One afternoon in a reading room on Columbia University’s Morningside Heights campus in May 1986, I discovered an event of great emotional and moral weight, one not revealed in Allen’s “Kaddish for Naomi Ginsberg.” I am shocked because I think that in “Kaddish” Allen had committed to telling her entire tragic history, no matter how traumatic, painful, or embarrassing. At the time, I assumed that Allen’s poetry had to directly represent actual life experiences and be factually accurate. This assumption seemed consistent with the code he worked by, Jack Kerouac’s “Belief & Technique for Modern Prose: List of Essentials” from 1958, which pledged to deliver “the unspeakable visions of the individual.”
The event I discovered is documented on several pieces of paper kept in a folder of correspondences from 1947 in his personal archives at the Rare Book and Manuscript Library on the sixth floor of Columbia’s Butler Library. It concerned his mother’s lobotomy. When these documents turn up, I think this event from his personal life may be a secret. I have already read everything I could find on Allen Ginsberg and located no mention of it in his poems, essays, interviews, or in the critical and biographical writings. That an event so significant has remained largely unknown to his readers all these years, escaping the gaze of critics, scholars, and journalists, I find absolutely unbelievable.
We are sitting in Allen’s East Village apartment one late afternoon in September 1986, after he returns from his summer travels to Yugoslavia, Hungary, and Poland. I open my notebook, but Allen stops me before I can get off a single question: “Do you want to tell me what you saw first or would it be more interesting for you and your project if I didn’t know what you found in those files at PI to give my fresh answers at the moment without any forethought?”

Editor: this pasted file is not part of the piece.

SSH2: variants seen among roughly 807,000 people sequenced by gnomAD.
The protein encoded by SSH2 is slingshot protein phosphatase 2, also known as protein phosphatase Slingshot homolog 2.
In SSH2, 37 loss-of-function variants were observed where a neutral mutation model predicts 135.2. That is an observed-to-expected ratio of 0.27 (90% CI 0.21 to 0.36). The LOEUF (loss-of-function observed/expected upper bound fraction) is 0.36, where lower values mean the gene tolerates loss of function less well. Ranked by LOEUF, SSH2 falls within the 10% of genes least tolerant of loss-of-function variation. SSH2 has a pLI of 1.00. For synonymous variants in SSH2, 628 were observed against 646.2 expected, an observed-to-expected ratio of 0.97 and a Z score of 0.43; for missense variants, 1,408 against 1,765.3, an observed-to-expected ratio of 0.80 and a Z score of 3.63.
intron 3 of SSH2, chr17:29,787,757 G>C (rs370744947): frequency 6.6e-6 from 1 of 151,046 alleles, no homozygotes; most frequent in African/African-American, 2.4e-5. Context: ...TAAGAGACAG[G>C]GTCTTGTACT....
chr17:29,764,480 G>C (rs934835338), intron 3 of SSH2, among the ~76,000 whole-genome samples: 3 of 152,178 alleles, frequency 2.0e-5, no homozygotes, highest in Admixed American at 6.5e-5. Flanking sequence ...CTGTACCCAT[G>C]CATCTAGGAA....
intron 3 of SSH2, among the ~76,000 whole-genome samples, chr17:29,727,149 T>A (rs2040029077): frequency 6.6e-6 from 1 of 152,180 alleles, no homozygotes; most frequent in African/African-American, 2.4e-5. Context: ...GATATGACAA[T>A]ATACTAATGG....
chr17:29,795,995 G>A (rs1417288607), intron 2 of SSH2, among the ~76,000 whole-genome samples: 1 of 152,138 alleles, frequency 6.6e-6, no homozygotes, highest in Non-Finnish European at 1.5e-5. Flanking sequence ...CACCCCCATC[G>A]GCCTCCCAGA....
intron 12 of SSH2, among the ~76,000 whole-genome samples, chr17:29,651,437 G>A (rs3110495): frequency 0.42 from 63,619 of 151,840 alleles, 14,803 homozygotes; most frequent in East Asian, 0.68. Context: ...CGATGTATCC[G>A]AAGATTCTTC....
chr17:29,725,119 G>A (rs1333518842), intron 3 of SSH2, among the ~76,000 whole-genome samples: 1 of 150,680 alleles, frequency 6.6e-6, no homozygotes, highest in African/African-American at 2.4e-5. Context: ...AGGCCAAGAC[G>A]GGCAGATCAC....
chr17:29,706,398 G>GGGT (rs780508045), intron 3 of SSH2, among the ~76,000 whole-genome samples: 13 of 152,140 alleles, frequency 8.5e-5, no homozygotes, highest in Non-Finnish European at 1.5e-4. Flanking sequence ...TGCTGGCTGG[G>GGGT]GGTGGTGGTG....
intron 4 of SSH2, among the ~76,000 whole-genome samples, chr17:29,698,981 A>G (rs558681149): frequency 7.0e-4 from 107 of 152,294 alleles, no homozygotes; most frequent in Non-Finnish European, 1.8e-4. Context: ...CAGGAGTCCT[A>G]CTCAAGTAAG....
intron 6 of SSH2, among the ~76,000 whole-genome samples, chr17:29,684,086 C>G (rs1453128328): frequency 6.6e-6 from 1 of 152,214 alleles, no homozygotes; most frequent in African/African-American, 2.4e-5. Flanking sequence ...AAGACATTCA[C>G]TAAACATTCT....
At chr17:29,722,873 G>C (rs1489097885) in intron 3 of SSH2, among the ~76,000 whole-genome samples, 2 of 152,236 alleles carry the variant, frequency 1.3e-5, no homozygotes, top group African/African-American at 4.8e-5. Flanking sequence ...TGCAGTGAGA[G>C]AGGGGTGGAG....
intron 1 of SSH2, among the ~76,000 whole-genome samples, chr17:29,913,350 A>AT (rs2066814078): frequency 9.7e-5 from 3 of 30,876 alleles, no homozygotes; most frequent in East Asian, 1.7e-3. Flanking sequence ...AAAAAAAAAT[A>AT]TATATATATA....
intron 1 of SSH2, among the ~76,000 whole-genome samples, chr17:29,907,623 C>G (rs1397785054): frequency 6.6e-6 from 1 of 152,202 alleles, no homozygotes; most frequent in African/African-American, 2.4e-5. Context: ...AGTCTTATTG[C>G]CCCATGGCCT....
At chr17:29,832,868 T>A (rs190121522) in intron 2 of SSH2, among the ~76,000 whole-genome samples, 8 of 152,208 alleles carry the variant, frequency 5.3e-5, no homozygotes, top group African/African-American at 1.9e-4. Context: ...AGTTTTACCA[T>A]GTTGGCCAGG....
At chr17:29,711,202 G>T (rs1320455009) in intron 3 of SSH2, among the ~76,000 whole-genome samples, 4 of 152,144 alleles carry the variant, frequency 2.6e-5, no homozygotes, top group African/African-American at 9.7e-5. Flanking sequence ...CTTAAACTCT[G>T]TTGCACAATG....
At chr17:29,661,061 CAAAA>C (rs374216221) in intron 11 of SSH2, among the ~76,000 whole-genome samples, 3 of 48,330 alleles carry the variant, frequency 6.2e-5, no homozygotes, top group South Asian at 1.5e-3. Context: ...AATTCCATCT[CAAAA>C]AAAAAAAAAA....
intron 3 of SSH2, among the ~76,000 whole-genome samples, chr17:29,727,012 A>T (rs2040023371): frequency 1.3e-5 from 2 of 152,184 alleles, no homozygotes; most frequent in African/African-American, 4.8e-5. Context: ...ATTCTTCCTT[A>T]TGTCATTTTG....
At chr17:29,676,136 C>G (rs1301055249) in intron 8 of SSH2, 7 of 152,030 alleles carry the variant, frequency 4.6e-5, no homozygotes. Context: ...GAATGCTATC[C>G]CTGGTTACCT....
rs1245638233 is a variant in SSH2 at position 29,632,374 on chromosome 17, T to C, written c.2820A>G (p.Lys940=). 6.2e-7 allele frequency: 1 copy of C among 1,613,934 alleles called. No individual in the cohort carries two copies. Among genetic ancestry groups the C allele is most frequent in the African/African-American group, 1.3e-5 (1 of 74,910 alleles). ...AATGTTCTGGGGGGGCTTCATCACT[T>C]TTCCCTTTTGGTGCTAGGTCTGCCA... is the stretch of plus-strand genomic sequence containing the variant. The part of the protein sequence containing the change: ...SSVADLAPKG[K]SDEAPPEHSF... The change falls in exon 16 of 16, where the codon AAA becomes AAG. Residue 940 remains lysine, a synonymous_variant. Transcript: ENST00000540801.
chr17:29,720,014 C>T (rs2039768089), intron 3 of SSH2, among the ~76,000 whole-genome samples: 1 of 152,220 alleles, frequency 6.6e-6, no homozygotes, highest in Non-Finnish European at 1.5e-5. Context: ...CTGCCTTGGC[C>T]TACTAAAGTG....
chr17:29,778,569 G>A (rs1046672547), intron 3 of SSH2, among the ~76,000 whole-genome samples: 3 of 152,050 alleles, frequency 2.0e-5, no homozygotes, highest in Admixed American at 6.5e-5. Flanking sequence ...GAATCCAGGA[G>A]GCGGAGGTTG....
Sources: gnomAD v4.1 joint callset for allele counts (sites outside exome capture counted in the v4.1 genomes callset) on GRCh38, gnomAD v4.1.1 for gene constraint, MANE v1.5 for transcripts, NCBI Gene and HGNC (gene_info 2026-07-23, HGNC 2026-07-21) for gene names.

After some nervous stammering, I say, “I want to first hear what you thought.”
“Yes. I was very conscious that my mother had been in the hospital, and here I was in the same spot. In the same kind of trouble. So that was a bit scary. Half my life was over, and I was getting into a state similar to hers. That’s a phrase in ‘Kaddish.’ And there is also in ‘Kaddish’ a recollection of a resolve. People disapproved of what I was doing and warned me that I had better watch out whether my sanity was a question. I better watch out, or it might get me in trouble. So I was quite aware of that.”
Allen speaks at length about the circumstances preceding his being at PI. He speaks of the experience of having visions, of living with a junky friend, Herbert Huncke, and of the spectacular car crash that led to his arrest and eventual hospitalization. His father and teachers criticized him harshly for hanging out with criminals. But these were his friends. In his and their defense, Allen points out that Huncke eventually became a published author. “My judgment was right, I think.” He adds, “More extreme, however, and more questionable was what was my relation to the visionary experiences I had with Blake, what was that and what had I concluded from it? What did I rationalize out of it, and was what I had rationalized out of it something that was unworkable, and impractical, and too metaphysical, and something that was getting me in trouble, because it was too absolutistic?”